The JayHawks of Kansas pulled out a stunning come-from-behind victory thanks partially to a coaching screw up and also a choke job at the freethrow line by Memphis. While Memphis was physically the superior team, Kansas played team ball, demonstrated their outstanding defense, and made just about everything they threw at the hoop in the last 1:30 of regulation. They forced many Memphis mistakes in the first half. Congrats to Kansas for one of the best NCAA finals ever. Unfortunately, I was in bed and was not able to watch past the first half.
Daily Archives: April 8, 2008
This installment will once again focus on a couple of people that most of the current LPC membership do not know. Gene and Margaret were an older couple from Georgia who coincidentally were parents of a classmate of my father JT Johnson. Gene and Margaret were missionaries to South America and frequented Homestead Church of God when they were in the US. They stayed in a little one room home behind the church and worked in the church while they were in town. They were some of the strongest examples of dedication and volunteerism, and were committed to seeing the lost saved.
Gene was a really nice fella. He was always “Johnny on the spot” when something broke at the church. He worked on toilets, appliances, replaced lightbulbs, and did electrical work. This was very important considering the church budget and the state of the large mortgage on the relatively new sanctuary (built in 78). Gene ALWAYS had a grin on his face. He always had a kind word to say and a very pleasant demeanor. I remember his hard physical work at the church. In particular, he would set up shaky scaffolding in the sanctuary so he could climb up to the mercury vapor chandeliers about 30 feet in the air. I would get a little nervous seeing him up at the top with nothing to hold on to while it wobbled around. It was quite a feet for someone who could see, but Gene was legally blind! He said that was part of why he wasn’t afraid of the heights.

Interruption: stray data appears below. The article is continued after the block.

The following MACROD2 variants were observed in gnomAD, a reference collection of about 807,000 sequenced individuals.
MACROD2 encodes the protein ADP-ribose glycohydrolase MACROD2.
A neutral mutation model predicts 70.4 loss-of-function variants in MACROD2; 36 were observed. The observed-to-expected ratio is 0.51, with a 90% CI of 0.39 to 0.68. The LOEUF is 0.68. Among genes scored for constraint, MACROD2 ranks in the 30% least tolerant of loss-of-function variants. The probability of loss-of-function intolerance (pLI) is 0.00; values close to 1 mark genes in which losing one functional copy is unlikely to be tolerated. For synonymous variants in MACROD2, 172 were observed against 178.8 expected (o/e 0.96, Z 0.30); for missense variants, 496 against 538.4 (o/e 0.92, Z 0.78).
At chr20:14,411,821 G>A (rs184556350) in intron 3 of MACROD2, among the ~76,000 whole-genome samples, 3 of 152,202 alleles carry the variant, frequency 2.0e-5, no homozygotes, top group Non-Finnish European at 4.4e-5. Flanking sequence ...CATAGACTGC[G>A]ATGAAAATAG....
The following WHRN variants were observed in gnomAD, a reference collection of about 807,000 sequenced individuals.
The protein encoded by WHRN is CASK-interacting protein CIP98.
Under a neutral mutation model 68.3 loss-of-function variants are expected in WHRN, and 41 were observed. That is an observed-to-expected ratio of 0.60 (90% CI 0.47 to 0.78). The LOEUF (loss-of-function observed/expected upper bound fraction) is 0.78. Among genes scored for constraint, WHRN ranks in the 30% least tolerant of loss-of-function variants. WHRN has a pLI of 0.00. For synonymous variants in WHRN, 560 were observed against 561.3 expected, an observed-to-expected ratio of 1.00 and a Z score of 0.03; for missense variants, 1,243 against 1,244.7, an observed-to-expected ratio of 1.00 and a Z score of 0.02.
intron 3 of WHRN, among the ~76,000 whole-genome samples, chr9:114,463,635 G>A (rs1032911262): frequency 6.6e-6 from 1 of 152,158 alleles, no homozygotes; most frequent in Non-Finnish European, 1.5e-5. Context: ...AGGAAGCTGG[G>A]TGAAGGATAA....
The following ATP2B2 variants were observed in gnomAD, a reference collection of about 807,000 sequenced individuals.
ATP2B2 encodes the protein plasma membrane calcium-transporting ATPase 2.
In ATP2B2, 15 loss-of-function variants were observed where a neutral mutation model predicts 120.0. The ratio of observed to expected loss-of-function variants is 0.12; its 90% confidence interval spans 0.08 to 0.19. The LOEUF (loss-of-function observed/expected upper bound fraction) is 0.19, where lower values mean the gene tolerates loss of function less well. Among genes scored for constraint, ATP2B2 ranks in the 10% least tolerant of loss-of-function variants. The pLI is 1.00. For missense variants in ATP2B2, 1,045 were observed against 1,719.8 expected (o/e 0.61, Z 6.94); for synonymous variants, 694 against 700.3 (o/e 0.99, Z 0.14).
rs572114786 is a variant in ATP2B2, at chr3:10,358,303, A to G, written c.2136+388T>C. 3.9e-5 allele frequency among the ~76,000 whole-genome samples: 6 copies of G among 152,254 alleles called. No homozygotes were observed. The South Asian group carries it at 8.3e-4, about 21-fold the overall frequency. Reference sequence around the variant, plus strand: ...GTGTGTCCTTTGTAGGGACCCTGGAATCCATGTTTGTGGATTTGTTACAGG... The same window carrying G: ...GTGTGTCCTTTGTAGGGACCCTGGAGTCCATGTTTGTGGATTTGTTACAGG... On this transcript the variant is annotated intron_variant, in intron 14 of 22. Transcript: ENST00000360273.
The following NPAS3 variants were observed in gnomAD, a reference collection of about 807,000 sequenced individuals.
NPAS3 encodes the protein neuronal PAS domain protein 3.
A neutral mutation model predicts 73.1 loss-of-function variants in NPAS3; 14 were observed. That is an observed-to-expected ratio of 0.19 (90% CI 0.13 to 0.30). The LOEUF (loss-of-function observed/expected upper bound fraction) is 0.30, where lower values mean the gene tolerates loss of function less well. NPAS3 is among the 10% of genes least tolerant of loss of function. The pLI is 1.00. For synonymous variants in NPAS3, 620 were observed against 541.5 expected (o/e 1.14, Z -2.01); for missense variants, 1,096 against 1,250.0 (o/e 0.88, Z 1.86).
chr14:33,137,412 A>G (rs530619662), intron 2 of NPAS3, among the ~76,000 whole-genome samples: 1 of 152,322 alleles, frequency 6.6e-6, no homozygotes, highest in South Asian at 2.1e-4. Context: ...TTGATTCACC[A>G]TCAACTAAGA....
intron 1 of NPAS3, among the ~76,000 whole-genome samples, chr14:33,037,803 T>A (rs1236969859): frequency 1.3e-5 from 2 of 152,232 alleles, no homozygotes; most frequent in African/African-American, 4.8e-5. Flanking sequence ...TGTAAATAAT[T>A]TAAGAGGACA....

Margaret worked with the children’s church and had a heart to tell the little ones about Jesus. While many of her methods are now outdated (flannelgraphs, some of the puppets, and the style of the songs she taught), she was actually skilled as a children’s minister. One of her best talents was the lost art of ventriloquism. She could have a conversation with herself! She would sit with her wood puppet on her lap and tell Bible stories, demonstrate by example how to tell friends about Jesus, how to pray for someone, how to treat each other, and also would tell the children about all the other people around the world who dress and sound different than they do. I remember she would try to teach me how to be a ventriloquist, but it never quite worked out for me. Margaret could cook as well and was always ready to cook a nice meal for church guests and volunteers.
I lost touch with Gene and Margaret sometime around the late 80’s, and I cannot tell you where they are or what they are doing now. But I can tell you that we would all do well to be as selfless, to strive to share the gospel message, and to work as hard as Gene and Margaret Hadsel.